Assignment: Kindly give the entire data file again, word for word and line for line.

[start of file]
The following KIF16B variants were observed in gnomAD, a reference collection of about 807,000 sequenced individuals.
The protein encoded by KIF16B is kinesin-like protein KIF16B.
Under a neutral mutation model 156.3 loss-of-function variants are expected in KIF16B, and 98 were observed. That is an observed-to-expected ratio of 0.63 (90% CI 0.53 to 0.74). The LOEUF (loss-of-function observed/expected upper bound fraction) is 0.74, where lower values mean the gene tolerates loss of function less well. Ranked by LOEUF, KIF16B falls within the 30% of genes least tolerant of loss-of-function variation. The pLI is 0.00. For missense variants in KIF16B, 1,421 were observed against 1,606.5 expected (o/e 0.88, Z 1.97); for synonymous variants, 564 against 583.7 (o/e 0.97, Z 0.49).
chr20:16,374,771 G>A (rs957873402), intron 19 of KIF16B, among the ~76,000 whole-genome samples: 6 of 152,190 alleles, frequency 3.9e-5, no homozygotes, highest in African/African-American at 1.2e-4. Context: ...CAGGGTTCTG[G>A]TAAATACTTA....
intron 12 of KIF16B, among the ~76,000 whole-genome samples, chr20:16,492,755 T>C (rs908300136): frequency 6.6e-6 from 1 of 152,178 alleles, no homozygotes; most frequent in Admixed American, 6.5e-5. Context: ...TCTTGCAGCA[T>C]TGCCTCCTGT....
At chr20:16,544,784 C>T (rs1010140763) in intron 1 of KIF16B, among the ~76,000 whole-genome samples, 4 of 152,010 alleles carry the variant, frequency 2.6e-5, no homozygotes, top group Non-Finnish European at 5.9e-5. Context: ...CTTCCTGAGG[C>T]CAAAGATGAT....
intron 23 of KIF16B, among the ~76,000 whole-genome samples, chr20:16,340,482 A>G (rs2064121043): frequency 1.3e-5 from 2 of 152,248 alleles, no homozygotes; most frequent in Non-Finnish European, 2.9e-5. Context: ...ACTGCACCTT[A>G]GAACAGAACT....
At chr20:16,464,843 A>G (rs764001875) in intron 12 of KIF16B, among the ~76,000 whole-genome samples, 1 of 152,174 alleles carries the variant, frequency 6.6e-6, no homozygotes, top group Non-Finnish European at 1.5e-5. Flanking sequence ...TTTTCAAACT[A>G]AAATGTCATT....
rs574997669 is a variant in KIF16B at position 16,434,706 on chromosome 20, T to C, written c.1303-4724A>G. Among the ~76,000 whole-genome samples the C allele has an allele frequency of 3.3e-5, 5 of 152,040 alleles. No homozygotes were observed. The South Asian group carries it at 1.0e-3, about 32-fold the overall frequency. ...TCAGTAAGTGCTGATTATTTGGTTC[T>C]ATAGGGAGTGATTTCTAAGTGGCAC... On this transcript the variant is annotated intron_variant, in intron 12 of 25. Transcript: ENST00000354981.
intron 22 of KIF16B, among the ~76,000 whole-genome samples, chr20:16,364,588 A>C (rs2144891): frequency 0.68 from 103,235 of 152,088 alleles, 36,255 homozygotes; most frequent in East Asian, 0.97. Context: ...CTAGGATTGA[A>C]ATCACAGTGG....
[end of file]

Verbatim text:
The following KIF16B variants were observed in gnomAD, a reference collection of about 807,000 sequenced individuals.
The protein encoded by KIF16B is kinesin-like protein KIF16B.
Under a neutral mutation model 156.3 loss-of-function variants are expected in KIF16B, and 98 were observed. That is an observed-to-expected ratio of 0.63 (90% CI 0.53 to 0.74). The LOEUF (loss-of-function observed/expected upper bound fraction) is 0.74, where lower values mean the gene tolerates loss of function less well. Ranked by LOEUF, KIF16B falls within the 30% of genes least tolerant of loss-of-function variation. The pLI is 0.00. For missense variants in KIF16B, 1,421 were observed against 1,606.5 expected (o/e 0.88, Z 1.97); for synonymous variants, 564 against 583.7 (o/e 0.97, Z 0.49).
chr20:16,374,771 G>A (rs957873402), intron 19 of KIF16B, among the ~76,000 whole-genome samples: 6 of 152,190 alleles, frequency 3.9e-5, no homozygotes, highest in African/African-American at 1.2e-4. Context: ...CAGGGTTCTG[G>A]TAAATACTTA....
intron 12 of KIF16B, among the ~76,000 whole-genome samples, chr20:16,492,755 T>C (rs908300136): frequency 6.6e-6 from 1 of 152,178 alleles, no homozygotes; most frequent in Admixed American, 6.5e-5. Context: ...TCTTGCAGCA[T>C]TGCCTCCTGT....
At chr20:16,544,784 C>T (rs1010140763) in intron 1 of KIF16B, among the ~76,000 whole-genome samples, 4 of 152,010 alleles carry the variant, frequency 2.6e-5, no homozygotes, top group Non-Finnish European at 5.9e-5. Context: ...CTTCCTGAGG[C>T]CAAAGATGAT....
intron 23 of KIF16B, among the ~76,000 whole-genome samples, chr20:16,340,482 A>G (rs2064121043): frequency 1.3e-5 from 2 of 152,248 alleles, no homozygotes; most frequent in Non-Finnish European, 2.9e-5. Context: ...ACTGCACCTT[A>G]GAACAGAACT....
At chr20:16,464,843 A>G (rs764001875) in intron 12 of KIF16B, among the ~76,000 whole-genome samples, 1 of 152,174 alleles carries the variant, frequency 6.6e-6, no homozygotes, top group Non-Finnish European at 1.5e-5. Flanking sequence ...TTTTCAAACT[A>G]AAATGTCATT....
rs574997669 is a variant in KIF16B at position 16,434,706 on chromosome 20, T to C, written c.1303-4724A>G. Among the ~76,000 whole-genome samples the C allele has an allele frequency of 3.3e-5, 5 of 152,040 alleles. No homozygotes were observed. The South Asian group carries it at 1.0e-3, about 32-fold the overall frequency. ...TCAGTAAGTGCTGATTATTTGGTTC[T>C]ATAGGGAGTGATTTCTAAGTGGCAC... On this transcript the variant is annotated intron_variant, in intron 12 of 25. Transcript: ENST00000354981.
intron 22 of KIF16B, among the ~76,000 whole-genome samples, chr20:16,364,588 A>C (rs2144891): frequency 0.68 from 103,235 of 152,088 alleles, 36,255 homozygotes; most frequent in East Asian, 0.97. Context: ...CTAGGATTGA[A>C]ATCACAGTGG....